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Discussion in 'Small Talk' started by ryot!, Mar 25, 2007.
do american people sound like they have accents to english people?
Yup. All Americans sound the same to me, too. ^^" And Canadians, for that matter. All the same. > *hides from anyone who might want to hurt me for that comment*
Also, on the subject of accents, can Americans tell the difference between a Mancunian accent (people from Manchester) and a London accent?
I haven't even heard of a Manchester accent.....so I guess I wouldn't be able to tell the difference.
Anyway, British accents always make me laugh, and I don't know why....not that I think they're funny...just the accent is so cool...
It's funny. When I was younger and wasn't as exposed to the English accent, all of the British sounded the same to me. Now I have more exposure to the English accent, but not enough to tell real regional differences. If you listen to enough Americans, all non-Americans, you can distinctly hear the regional differences in our speech. I'm from the south and a lot of northeners see us as stupid because our accent. Don't judge me too harshly but I use a lot of ain'ts, y'all, made up words, and other incorrect grammar when I'm speaking casually. I can correct my grammar when the need arises, though (like here). I'm not stupid. It's just the way I learned to speak.
And I've never heard of a Manchester accent either.
heh heh.... this is so weird! i didn't even know that there WAS a difference, could you tell a boston accent from a california accent? or montreal from quebec?
Building on what Carmen said, I'm sure that everyone would be able to notice a difference in the way people from the north of England and the people of the south speak, but the smaller differences between the regions within the north or the south are smaller and harder to notice. For example, take the Queen and a Scottish Highlander (just to go for extremes). They both speak English but there is definitely a difference with their accents.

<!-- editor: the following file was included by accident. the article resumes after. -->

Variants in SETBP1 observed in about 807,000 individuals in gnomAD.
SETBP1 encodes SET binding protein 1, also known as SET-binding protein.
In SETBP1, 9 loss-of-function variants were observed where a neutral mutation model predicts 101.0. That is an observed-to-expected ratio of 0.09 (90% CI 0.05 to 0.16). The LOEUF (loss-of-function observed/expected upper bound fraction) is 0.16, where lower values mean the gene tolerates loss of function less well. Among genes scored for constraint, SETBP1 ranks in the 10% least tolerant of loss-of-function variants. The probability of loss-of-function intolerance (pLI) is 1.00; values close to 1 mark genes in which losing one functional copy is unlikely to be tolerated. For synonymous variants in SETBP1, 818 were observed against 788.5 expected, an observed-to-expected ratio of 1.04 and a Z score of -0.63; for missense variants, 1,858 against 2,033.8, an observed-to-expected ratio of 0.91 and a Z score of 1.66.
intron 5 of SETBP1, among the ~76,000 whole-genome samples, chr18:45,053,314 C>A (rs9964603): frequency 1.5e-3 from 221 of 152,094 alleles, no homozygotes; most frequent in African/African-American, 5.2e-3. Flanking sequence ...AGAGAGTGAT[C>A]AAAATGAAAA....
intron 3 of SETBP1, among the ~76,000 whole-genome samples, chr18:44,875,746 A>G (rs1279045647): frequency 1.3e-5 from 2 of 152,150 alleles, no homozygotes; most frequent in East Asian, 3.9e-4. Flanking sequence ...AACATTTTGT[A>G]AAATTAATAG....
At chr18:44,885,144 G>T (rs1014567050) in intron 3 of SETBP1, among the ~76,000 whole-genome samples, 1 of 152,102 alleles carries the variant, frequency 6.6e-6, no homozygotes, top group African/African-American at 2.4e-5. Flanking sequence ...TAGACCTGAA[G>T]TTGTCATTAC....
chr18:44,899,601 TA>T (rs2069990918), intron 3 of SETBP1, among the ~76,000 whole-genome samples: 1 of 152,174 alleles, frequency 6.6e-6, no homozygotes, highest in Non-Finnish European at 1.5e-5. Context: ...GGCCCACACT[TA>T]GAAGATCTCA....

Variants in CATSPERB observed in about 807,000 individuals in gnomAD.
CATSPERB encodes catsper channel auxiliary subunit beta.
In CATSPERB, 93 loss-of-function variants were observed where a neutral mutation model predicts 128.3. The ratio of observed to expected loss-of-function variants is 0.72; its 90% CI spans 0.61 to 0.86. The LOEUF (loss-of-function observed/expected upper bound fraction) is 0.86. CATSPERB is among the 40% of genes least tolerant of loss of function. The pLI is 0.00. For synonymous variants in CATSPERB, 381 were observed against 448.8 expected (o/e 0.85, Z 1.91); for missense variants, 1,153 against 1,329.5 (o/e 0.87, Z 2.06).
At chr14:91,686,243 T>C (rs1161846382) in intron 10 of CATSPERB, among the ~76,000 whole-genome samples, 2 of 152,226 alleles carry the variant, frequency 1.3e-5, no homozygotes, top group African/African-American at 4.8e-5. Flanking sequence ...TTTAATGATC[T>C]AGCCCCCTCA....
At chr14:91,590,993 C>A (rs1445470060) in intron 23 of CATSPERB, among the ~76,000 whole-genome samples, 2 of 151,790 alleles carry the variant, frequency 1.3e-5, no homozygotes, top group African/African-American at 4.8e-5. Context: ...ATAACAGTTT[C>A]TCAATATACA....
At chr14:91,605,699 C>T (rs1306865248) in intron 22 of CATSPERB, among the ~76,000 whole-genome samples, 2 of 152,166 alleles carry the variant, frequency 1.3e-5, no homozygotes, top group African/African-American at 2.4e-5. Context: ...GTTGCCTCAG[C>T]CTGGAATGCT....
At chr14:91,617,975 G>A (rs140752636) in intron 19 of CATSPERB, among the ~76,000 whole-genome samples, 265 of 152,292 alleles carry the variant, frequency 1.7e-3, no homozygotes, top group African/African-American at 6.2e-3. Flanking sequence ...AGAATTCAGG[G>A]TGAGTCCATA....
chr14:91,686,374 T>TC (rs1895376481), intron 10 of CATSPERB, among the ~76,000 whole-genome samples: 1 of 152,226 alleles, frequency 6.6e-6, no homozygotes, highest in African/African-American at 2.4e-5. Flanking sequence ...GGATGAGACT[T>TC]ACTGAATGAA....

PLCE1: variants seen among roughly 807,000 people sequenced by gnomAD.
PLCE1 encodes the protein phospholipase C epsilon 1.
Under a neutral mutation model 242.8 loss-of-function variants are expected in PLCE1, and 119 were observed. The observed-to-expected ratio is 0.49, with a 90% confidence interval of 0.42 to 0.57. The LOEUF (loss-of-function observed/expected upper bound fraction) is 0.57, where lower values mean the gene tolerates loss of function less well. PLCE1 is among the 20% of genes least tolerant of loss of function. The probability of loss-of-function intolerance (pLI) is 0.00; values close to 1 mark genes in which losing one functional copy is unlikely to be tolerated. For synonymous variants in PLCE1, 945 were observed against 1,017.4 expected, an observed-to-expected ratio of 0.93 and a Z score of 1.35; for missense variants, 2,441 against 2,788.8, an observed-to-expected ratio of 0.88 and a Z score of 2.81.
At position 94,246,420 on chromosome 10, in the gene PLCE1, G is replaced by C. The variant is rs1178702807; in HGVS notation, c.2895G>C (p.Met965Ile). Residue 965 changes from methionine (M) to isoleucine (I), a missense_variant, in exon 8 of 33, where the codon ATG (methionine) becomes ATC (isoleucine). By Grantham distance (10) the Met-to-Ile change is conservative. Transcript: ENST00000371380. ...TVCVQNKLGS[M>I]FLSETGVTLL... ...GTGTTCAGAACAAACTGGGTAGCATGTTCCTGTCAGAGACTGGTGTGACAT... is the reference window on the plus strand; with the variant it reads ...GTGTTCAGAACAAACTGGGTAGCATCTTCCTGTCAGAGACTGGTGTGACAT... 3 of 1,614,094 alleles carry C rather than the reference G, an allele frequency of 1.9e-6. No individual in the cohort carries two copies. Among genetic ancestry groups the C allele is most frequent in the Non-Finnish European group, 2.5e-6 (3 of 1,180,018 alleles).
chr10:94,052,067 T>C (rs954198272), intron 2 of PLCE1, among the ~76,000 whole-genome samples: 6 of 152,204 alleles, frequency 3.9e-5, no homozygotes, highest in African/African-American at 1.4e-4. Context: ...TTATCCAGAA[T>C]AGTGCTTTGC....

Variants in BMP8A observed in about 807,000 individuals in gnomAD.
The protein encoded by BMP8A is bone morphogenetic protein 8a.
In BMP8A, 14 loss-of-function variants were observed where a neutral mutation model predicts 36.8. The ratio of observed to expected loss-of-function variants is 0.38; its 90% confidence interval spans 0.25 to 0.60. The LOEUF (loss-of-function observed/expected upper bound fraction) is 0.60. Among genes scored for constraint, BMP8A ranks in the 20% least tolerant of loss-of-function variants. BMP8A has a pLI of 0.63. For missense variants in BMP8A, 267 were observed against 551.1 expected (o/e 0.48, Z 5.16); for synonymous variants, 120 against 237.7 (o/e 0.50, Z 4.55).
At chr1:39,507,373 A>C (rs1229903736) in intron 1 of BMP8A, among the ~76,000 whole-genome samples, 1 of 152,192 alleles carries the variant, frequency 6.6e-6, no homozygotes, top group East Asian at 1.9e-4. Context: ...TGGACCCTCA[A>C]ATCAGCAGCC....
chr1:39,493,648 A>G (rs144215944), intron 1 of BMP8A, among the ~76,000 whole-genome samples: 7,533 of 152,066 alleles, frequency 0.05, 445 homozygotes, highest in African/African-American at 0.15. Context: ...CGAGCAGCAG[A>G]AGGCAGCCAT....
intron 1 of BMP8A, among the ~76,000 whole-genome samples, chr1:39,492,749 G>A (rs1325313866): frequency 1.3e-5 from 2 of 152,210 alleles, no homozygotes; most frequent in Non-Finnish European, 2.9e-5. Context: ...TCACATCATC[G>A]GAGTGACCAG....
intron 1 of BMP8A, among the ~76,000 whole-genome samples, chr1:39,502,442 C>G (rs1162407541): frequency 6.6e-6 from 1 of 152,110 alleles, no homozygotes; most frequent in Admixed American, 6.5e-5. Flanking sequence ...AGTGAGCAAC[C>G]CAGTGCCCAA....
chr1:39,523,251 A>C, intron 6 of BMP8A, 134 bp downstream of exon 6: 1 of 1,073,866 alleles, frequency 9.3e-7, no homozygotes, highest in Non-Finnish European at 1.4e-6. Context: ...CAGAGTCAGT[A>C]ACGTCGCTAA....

To answer the original question, Americans sound like they have accents to English people and the stronger accents, when you're not accustomed to hearing them, can be quite difficult to understand. When we lived in Scotland, my mum used to dread picking up the phone because she wouldn't be able to understand the person on the other end of the phone because everyone had really strong accents. Gradually, though, you get used to them and its a lot easier to understand.
Me and Cinders live at most 50 miles apart, but we sound completely different, in fact all the people at her prom that I spoke to noticed that I had a different accent to the rest of them and asked where I was from.
Then again, Medway is pretty much a microcosm, its known for the "Chathamese" accent, basically it means never pronounce "t" in the middle of words and be very loud... I don't speak chathamese but i still hold certain accenty things from my area.
wow, this is all new to me. to the english people: do you have difficulty understanding americans?what letters do americans pronounce differently?
I can usually tell differences between accents if the two are speaking to me at the same time, however recognising it as a London or a Manchester accent is a different story the only accents I can honestly say I can distinctly recognise from the UK are Liverpuddlian, Brighton and Cockney, other than that, I'm pretty much lost
Everyone has an accent to someone. I've spent time in the Southern States and can sometimes hardly understand a word spoken to me (makes it difficult to order your lunch, let me tell you). I'm rather used to most English accents, but not so much the Scottish. Then there's the world-famous "Newfie" accent.
I'm fluent in both English and French, and let me tell you, Quebec and France are WORLDS apart. I could take you on a tour around Quebec but barely make it around the city in Paris.
Accents confuse me in general. *grins* Y'see, what RLRL said, about most people noticing a dfferent accent? I haven't. And didn't realise until I read that. ^^" I couldn't hear the difference between Nem's accent and an Essex accent, either... Might have something to do with too many holidays all over the place... Meh. I'm just odd.